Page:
J Dev Behav Pediatr. 2004 Dec;25(6):423-34.

Do artificial food colors promote hyperactivity in children with hyperactive syndromes? A meta-analysis of double-blind placebo-controlled trials.
Schab DW, Trinh NH. Columbia University, Department of Psychiatry & The New York State Psychiatric Institute, New York, New York 10032, USA. ds2140@columbia.edu

Abstract
Burgeoning estimates of the prevalence of childhood attention-deficit/hyperactivity disorder (ADHD) raise the possibility of a widespread risk factor. We seek to assess whether artificial food colorings (AFCs) contribute to the

behavioral symptomatology of hyperactive syndromes. We searched ten electronic databases for double-blind placebo-controlled trials evaluating the effects of AFCs. Fifteen trials met the primary inclusion criteria. Metaanalytic modeling determined the overall effect size of AFCs on hyperactivity to be 0.283 (95% CI, 0.079 to 0.488), falling to 0.210 (95% CI, 0.007 to 0.414) when the smallest and lowest quality trials were excluded. Trials screening for responsiveness before enrollment demonstrated the greatest effects. Despite indications of publication bias and other limitations, this study is consistent with accumulating evidence that neurobehavioral toxicity may characterize a variety of widely distributed chemicals. Improvement in the identification of responders is required before strong clinical recommendations can be made. PMID: 15613992 [PubMed - indexed for MEDLINE]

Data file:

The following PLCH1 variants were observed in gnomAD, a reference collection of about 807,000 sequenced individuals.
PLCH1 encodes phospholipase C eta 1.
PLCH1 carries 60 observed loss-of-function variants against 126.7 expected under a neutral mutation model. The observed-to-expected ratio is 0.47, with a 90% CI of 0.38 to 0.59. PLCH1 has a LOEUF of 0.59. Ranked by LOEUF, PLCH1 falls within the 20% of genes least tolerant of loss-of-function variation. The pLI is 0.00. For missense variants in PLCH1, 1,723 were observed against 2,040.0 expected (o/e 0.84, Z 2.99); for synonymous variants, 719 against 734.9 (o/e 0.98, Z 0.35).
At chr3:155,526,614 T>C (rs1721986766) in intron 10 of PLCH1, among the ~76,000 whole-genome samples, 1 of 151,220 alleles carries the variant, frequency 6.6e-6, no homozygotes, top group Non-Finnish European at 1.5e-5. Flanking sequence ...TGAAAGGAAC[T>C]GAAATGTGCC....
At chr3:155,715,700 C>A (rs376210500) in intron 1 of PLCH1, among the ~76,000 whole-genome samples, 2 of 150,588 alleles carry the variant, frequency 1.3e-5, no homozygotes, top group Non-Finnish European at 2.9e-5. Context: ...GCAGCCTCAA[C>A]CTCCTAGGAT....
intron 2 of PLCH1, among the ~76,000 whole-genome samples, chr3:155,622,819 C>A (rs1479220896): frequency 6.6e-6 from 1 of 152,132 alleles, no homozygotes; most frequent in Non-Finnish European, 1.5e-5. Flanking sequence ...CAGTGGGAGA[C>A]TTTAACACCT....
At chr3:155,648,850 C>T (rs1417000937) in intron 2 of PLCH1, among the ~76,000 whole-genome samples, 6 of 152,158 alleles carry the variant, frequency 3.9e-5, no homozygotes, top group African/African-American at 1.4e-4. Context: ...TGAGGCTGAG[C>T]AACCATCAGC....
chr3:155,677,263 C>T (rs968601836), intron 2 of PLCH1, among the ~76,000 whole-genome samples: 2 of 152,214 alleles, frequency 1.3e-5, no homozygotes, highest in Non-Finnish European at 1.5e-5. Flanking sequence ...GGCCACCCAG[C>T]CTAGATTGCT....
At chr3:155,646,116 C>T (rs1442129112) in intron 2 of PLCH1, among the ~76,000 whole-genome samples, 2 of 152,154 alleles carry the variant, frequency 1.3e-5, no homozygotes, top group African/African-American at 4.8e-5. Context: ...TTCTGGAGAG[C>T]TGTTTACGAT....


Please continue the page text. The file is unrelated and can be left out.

J Paediatr Child Health. 2002 Aug;38(4):373-6.

Controlled trial of cumulative behavioural effects of a common bread preservative.


Dengate S, Ruben A.

Abstract
OBJECTIVE: Many anecdotes and one scientific report describe cumulative behavioural effects of bread preservative on children. METHODOLOGY: Twenty-seven children, whose behaviour improved significantly on the Royal Prince Alfred Hospital diet, which excludes food additives, natural salicylates, amines and glutamates, were challenged with calcium propionate (preservative code 282) or placebo through daily bread in a double-blind placebo-controlled crossover trial. RESULTS: Due to four placebo responders, there was no significant difference by ANOVA of weighted placebo and challenge Rowe Behaviour Rating Inventory means, but a statistically significant difference existed in the proportion of children whose behaviours 'worsened' with challenge (52%), compared to the proportion whose behaviour 'improved' with challenge (19%), relative to placebo (95% confidence intervals 14-60%). CONCLUSIONS: Irritability, restlessness, inattention and sleep disturbance in some children may be caused by a preservative in healthy foods consumed daily. Minimizing the concentrations added to processed foods would reduce adverse reactions. Testing for behavioural toxicity should be included in food additive safety evaluation. PMID: 12173999 [PubMed - indexed for MEDLINE]